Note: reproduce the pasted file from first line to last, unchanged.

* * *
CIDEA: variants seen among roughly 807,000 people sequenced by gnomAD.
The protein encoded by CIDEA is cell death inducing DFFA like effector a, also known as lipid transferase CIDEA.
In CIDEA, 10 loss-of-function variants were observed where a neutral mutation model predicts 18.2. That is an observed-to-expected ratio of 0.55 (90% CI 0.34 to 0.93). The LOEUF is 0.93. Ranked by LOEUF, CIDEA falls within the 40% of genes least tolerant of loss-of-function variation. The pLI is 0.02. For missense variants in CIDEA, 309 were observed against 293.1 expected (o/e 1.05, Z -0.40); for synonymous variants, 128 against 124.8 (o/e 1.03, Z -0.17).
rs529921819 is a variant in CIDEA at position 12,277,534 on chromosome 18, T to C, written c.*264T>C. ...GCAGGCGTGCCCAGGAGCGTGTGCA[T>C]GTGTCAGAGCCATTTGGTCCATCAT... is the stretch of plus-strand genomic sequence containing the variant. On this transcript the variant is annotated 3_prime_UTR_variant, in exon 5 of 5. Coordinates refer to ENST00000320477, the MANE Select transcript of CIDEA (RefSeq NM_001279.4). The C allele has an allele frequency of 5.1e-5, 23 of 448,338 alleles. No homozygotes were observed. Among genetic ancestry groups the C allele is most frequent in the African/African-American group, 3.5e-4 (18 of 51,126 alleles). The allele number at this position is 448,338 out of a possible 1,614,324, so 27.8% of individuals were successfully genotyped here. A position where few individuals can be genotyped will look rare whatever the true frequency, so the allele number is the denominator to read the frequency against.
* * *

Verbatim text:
CIDEA: variants seen among roughly 807,000 people sequenced by gnomAD.
The protein encoded by CIDEA is cell death inducing DFFA like effector a, also known as lipid transferase CIDEA.
In CIDEA, 10 loss-of-function variants were observed where a neutral mutation model predicts 18.2. That is an observed-to-expected ratio of 0.55 (90% CI 0.34 to 0.93). The LOEUF is 0.93. Ranked by LOEUF, CIDEA falls within the 40% of genes least tolerant of loss-of-function variation. The pLI is 0.02. For missense variants in CIDEA, 309 were observed against 293.1 expected (o/e 1.05, Z -0.40); for synonymous variants, 128 against 124.8 (o/e 1.03, Z -0.17).
rs529921819 is a variant in CIDEA at position 12,277,534 on chromosome 18, T to C, written c.*264T>C. ...GCAGGCGTGCCCAGGAGCGTGTGCA[T>C]GTGTCAGAGCCATTTGGTCCATCAT... is the stretch of plus-strand genomic sequence containing the variant. On this transcript the variant is annotated 3_prime_UTR_variant, in exon 5 of 5. Coordinates refer to ENST00000320477, the MANE Select transcript of CIDEA (RefSeq NM_001279.4). The C allele has an allele frequency of 5.1e-5, 23 of 448,338 alleles. No homozygotes were observed. Among genetic ancestry groups the C allele is most frequent in the African/African-American group, 3.5e-4 (18 of 51,126 alleles). The allele number at this position is 448,338 out of a possible 1,614,324, so 27.8% of individuals were successfully genotyped here. A position where few individuals can be genotyped will look rare whatever the true frequency, so the allele number is the denominator to read the frequency against.